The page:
Westbank has built a practice around long-term commitments to artistry, sustainability and city-building. These commitments underlie an orientation towards projects like Woodwards, Vancouver House, Mirvish Village, Telus Garden and Oakridge – catalysts for larger change that go beyond the borders of the projects themselves. We are here to create. To provoke. To ignite. We are the vehicle for a new movement of cultural expression.

As the practice matures, we have become more ambitious. With every new project reflecting our commitment to the philosophy behind Gesamkunstwerk, or in our recent work the Japanese philosophy behind layering, the net effect is that our work becomes much more complex and far-reaching.

The core of Westbank’s mission is to create a body of work with a high degree of artistry that helps foster more equitable and beautiful cities. Westbank is active across Canada and in the United States, with projects including luxury residential, Five Star hotels, retail, office, rental, district energy systems, affordable housing initiatives and public art. Established in 1992, we are one of North America’s leading developers, with offices in Vancouver, Calgary, Toronto, Seattle, Shanghai, Beijing, Taiwan, Tokyo, Hong Kong, Shenzhen and over 25 billion dollars of projects completed or under development.

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May 28, 2014

GWERK Profile No. 15,101: Mark Busse

It’s the last week of the Gesamtkunstwerk exhibition, and we have a few more GWERK Profiles to share before it all comes to a close. First up is Mark Busse, partner at Industrial Brand, resident Foodist and host of CreativeMornings, Interesting Vancouver and Likemind Vancouver.

Tell us about yourself and what you do.

My bio includes a bunch of stuff about managing a brand strategy and design consultancy that specializes in helping architecture, engineering and construction firms find their voice and realize their brand and marketing potential, but that usually causes people to glaze over and their jaw to go slack. Mostly I feel like one-part counsellor, one-part design nerd, and one-part storyteller — shaken, not stirred. I also masquerade as a design association executive, a writer, an occasional educator, a community engagement activist, and sometimes a TV commentator. Some people call me an “agitator”. What I like most of all is to cook for people.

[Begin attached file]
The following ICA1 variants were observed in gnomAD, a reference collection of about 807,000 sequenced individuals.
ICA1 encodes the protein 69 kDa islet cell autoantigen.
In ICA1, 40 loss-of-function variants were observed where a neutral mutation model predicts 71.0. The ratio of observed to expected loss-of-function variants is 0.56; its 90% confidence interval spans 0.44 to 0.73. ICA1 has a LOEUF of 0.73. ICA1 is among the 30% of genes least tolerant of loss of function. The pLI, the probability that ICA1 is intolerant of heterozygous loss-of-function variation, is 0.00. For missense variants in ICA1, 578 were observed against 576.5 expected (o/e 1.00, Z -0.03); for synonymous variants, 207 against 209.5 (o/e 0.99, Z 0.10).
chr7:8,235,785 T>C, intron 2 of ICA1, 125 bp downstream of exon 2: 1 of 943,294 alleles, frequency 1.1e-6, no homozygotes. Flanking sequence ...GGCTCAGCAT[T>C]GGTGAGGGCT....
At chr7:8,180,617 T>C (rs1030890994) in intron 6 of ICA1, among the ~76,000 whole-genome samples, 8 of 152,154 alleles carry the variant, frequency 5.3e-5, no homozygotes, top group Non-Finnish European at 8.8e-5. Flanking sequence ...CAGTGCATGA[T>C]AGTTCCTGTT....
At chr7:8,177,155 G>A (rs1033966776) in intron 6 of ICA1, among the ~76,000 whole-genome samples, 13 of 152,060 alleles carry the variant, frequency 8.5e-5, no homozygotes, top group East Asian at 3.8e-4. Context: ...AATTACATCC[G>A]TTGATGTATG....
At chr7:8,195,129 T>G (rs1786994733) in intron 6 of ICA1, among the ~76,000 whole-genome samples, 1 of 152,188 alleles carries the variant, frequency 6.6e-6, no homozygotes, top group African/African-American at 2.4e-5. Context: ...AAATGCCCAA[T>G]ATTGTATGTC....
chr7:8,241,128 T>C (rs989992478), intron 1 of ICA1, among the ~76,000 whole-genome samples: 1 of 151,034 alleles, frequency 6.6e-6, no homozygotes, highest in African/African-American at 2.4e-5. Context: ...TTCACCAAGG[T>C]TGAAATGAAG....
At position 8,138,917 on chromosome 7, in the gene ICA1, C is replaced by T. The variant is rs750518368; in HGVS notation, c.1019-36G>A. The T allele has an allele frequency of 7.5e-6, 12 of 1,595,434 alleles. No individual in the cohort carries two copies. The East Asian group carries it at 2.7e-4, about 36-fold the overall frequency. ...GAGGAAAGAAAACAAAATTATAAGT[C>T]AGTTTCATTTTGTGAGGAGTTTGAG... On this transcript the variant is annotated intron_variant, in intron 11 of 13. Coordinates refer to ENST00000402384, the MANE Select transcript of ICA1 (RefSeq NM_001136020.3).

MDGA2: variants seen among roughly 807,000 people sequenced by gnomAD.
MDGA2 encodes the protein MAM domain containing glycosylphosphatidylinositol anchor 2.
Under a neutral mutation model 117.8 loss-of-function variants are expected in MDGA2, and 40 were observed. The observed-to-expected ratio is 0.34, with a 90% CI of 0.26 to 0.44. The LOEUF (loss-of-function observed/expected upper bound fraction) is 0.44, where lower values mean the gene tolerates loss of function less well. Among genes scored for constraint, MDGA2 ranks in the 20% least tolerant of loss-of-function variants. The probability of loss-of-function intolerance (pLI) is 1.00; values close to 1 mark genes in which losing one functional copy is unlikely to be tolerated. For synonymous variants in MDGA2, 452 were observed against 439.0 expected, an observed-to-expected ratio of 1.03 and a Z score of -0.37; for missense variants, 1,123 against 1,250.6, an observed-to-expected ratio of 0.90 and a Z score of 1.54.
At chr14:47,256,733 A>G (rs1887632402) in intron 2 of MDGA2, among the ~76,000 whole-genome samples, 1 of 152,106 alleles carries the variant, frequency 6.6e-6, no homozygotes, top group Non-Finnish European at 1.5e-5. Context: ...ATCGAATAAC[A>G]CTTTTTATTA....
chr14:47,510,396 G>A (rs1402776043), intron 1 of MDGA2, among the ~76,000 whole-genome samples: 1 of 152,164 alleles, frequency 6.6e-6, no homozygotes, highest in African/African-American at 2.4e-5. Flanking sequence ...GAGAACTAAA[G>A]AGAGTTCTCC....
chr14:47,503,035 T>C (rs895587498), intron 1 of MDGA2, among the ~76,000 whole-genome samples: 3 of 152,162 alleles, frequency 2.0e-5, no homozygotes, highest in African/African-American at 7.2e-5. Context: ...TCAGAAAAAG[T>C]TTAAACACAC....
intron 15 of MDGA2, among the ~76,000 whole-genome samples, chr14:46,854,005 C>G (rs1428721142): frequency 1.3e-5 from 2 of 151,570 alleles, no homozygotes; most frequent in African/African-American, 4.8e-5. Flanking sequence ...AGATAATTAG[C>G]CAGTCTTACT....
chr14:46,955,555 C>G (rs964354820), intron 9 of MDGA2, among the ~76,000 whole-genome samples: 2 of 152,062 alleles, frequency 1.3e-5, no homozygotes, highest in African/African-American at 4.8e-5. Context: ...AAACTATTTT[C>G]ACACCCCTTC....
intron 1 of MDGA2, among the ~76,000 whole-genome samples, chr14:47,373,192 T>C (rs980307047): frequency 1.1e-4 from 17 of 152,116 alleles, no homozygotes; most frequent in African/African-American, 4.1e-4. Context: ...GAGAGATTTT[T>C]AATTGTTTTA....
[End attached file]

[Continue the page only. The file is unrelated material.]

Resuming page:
What does the word “gesamtkunstwerk” mean to you?

First of all, I love the word. I love hearing how people stumble over the pronunciation and struggle to decode its meaning. For me, it’s an expression of how one must look beyond that which we see on the surface to appreciate all that is going on. So much of design, when done well, is invisible to most of us. I love how the word “gesamtkunstwerk” plays with this notion and the exhibit and salon series has invited people to look at the synthesis of many types of design and art to create something more, something better, something lasting — something that has been long overdue in Vancouver.

As the host of CreativeMornings, why do you see intimate dialogues such as at your events and the Westbank Salon Series, important to the growth and evolution of Vancouver?

I don’t think Vancouver is a particularly mature city in many ways, but things are changing and Vancouverites want more, they yearn for connection, for culture, for meaning. There are a number of speaker series that happen in the city, but few provide a truly engaging discourse on subjects that break down silos and invite everyone into a critical dialogue on occasionally uncomfortable subjects. But these are subjects that push us forward as a city and these events help us all understand our own potential and role in city and community building a little better.

As an entrepreneur, designer and foodie, what are the things this city does well and what are the things you would improve upon?

With a few exceptions of course, Vancouver is not a great place to own a business. It can be a slog to earn a living in this city for numerous reasons, but it’s getting a little better, and I’m hopeful. As a designer, I find that there is such a lack of understanding of the role and value of design, by the business community, the public and local government. As a foodie, I think Vancouver is a wonderful place to explore different styles of cuisine, and the more I travel, the more I realize how lucky we are to have access to such amazing ingredients right in our backyard. I think Vancouver is like a teenager working through the angst that comes with discovering her identity and is at risk of becoming an unsavoury character if not careful. There are many things I could list that I think the city could improve on, which reminds me of one thing Vancouverites do quite well: whine and complain without participating in finding solutions. So for anyone interested in some of my thoughts on these matters, I recommend reading the Engage City Task Force final report which I help author along with 21 other citizen members.

To you, why do other people need to experience Vancouver?

They don’t. Go way. Don’t come. Seriously. Alright, alright, if I must put it into words, I’d say Vancouver is worth experiencing because there is a calm, healthy energy here. Many would say it’s the natural surroundings, but I think it goes deeper than that — perhaps all the way back to its original First Nations inhabitants and their approach to life, each other and their surroundings. By no means are things perfect in Vancouver, but there are so many favourable factors in Vancouver, working in concert to create a wonderful, clean, safe, and inviting place to live, work and play. I have no idea who coined the phrase, “Home is not where you live, but where they understand you”, but I feel understood in Vancouver. It will always be my home.


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